The atrocities General Weyler committed in Cuba were massively hyped and sensationalized in the US newspapers, then engaged in a practice known as "yellow journalism". The two kingpins of the press at the time were William R. Hearst and Joseph Pulitzer, who were embroiled in a vicious circulation war, in which Hearst even "stole" Pulitzer's most popular writers by convincing them to defect through promises of money and positions. Hearst's major publication was the New York Journal and Pulitzer's publication was the New York World. In order to grow their circulations, both men were willing to go so far as to make up stories.
In response to the rumors of Weyler's abuses emerging from Cuba around 1896, Hearst sent artists to Cuba to paint and draw the atrocities, in hopes that the pictures would sell more papers. Foremost among Hearst's artists was Frederic Remington. After arriving in Cuba, Remington reported back to Hearst that the rumors were overblown. To this, Hearst famously replied, "You furnish the pictures and I'll furnish the war." Although Hearst's statement was egomaniacal and boastful, it was not all that far from the truth. Remington's pictures in Hearst's magazines did a great deal to arouse mass concern for Cuba in the US.
Though American yellow journalism exaggerated Weyler's activities, those exaggeration were nonetheless based in some measure of fact. Realizing that Weyler had gotten out of hand in Cuba, Spain recalled him in 1897, hoping to quiet the yellow presses. Back in Spain, some citizens and legislators started discussing Cuban independence from Spain. The Spaniards in Cuba, who were afraid their property and their lives might be in danger if Cuba got independence, immediately started rioting.
Hearst upped his circulation by producing a new kind of paper, one with mass- market appeal. His papers used lots of pictures and illustrations, large headlines, and the like. Reducing the cost of a paper to as little as a single cent a copy, Hearst made his newspapers accessible to nearly everyone. Because he controlled so much of the market for newspapers, a market that was rapidly growing because of his newspapers, Hearst could practically dictate what the country would think the next day.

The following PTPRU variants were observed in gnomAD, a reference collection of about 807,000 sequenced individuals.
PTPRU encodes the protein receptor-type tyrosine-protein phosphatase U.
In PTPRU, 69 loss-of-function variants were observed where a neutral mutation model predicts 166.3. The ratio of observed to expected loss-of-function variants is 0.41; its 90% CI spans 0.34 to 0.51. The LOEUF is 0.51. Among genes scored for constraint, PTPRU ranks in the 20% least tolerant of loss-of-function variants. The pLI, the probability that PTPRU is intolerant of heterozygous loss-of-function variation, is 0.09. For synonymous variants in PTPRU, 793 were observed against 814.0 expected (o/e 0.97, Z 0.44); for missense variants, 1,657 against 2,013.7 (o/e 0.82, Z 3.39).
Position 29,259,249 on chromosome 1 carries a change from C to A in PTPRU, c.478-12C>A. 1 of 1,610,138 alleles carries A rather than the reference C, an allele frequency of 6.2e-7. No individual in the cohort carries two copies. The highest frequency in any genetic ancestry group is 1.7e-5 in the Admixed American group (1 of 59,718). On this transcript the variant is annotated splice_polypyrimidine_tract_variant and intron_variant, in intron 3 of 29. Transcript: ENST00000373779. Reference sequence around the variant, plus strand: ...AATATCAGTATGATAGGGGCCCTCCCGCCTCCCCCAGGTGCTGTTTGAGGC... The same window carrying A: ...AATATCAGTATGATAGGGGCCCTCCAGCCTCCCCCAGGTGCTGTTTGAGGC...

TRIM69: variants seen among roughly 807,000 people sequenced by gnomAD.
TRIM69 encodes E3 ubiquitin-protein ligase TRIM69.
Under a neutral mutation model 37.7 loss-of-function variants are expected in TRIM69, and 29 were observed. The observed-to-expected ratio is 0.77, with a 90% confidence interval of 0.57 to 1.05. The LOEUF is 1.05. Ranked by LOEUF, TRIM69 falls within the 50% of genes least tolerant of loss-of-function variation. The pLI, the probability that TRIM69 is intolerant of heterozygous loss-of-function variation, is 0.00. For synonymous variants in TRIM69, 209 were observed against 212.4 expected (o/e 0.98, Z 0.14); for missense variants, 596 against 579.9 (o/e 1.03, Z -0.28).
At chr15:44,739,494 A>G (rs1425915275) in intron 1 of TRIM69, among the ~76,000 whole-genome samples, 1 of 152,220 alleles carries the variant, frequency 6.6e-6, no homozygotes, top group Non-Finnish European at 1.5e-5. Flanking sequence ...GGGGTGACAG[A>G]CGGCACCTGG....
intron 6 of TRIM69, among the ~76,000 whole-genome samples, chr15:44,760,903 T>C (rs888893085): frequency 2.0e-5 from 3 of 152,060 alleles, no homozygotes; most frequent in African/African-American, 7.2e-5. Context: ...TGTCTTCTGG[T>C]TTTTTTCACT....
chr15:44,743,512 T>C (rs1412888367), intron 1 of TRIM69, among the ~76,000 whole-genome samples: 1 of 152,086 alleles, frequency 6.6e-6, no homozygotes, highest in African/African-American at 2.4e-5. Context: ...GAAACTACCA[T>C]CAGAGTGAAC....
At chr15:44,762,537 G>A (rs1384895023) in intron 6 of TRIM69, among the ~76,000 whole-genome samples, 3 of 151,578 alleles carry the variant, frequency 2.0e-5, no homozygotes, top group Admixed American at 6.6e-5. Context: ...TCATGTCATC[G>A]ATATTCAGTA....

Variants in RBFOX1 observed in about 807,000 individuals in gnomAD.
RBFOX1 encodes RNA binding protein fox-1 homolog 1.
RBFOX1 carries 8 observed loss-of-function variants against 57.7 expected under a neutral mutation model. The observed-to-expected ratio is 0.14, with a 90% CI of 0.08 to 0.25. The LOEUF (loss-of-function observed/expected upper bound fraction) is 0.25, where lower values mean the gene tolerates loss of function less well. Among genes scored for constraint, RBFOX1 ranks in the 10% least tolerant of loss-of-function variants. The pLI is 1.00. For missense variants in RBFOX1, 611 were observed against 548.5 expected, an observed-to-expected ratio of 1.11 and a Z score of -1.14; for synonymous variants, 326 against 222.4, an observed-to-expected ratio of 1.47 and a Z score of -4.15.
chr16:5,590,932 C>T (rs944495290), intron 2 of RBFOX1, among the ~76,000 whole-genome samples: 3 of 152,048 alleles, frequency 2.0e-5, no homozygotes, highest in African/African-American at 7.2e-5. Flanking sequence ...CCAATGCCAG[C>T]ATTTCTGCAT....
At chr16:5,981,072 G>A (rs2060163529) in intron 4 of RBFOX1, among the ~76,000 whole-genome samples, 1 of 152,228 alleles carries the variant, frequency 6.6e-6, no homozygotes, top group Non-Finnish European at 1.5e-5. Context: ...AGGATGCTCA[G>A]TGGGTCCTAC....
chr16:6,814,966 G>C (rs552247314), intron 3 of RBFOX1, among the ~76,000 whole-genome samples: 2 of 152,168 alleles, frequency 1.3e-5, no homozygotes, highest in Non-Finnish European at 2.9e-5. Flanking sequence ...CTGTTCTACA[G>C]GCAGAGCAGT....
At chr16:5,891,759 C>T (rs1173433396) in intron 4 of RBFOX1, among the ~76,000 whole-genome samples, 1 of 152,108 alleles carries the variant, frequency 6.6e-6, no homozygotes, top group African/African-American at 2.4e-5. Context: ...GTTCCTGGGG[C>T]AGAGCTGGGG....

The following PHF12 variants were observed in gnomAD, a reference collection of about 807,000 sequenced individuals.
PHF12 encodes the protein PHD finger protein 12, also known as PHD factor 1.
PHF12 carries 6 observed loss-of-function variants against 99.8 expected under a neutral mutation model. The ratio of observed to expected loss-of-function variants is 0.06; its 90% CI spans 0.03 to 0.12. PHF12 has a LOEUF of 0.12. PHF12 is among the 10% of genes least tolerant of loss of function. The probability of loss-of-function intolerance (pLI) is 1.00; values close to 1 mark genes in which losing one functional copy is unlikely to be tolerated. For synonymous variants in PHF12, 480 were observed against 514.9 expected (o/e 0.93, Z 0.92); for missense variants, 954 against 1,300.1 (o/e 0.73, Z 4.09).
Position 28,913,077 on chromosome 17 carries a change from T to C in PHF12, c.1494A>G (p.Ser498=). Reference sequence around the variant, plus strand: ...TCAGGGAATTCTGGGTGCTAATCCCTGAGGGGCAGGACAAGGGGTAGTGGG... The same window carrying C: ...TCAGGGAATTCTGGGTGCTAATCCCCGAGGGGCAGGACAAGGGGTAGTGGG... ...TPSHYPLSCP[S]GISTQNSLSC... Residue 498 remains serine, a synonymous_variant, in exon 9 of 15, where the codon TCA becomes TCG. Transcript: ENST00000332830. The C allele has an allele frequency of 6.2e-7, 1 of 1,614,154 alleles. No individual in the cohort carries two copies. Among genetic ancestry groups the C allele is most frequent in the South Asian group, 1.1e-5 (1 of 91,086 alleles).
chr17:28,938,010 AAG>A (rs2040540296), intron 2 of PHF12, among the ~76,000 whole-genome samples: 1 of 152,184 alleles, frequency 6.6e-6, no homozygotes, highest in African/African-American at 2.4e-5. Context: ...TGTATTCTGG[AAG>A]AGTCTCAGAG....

The whole point of yellow journalism was to produce exciting, sensational stories, even if the truth had to be stretched or a story had to be made up. These stories would boost sales, something very important in this period, when newspapers and magazines were battling for circulation numbers. In regard to the situation in Cuba in the mid-1890s, yellow journalism sought to exploit the atrocities in Cuba to sell more magazines and newspapers. The papers depicted Spanish behavior as exaggeratedly bad, and political cartoons depicted "Spain" as a nearly subhuman and brutal monster, while "Cuba" was usually depicted as a pretty white girl being pushed around by the Spanish monster. Once US opinions were inflamed over Cuba, Hearst in particular tried to do everything he could to whip the public into such a frenzy that a war would start. Once the country was at war, Hearst had little doubt his papers would have no end of interesting and sensational articles to publish.
In keeping with the philosophy of yellow journalism, Remington, actually did paint a one or two patently false pictures. For instance, he drew some pictures of an American woman being brutally searched by Spanish male security forces. This apparently never happened, as only female officials searched American females coming into the country. In addition, Remington's famous painting of the Rough Riders charging up San Juan Hill was based not on the actual charge, but on a reenactment performed by the Rough Riders. That a military force would "redo" part of a battle for the sake of the media shows just serious a matter American leaders took the yellow press to be. Yellow journalism did not, ultimately, start the war on its own; it was the sinking of the USS Maine that provided the trigger, not some fabricated story created by Hearst of Pulitzer. Nonetheless, Hearst always referred to the Spanish- American War as "the Journal's war." In support of Hearst's boastful term, many historians argue that the Spanish-American War was probably the first true "media war".
The Spanish-American War was not the height of Hearst's power. Afterwards, he continued to grow his media empire for several decades, and even successfully ran for a seat in Congress. Only in the 1930s did his business start to collapse. A controversial figure in American history, Hearst was the rough basis for the wealthy journalist-baron in Orson Welles' Citizen Kane.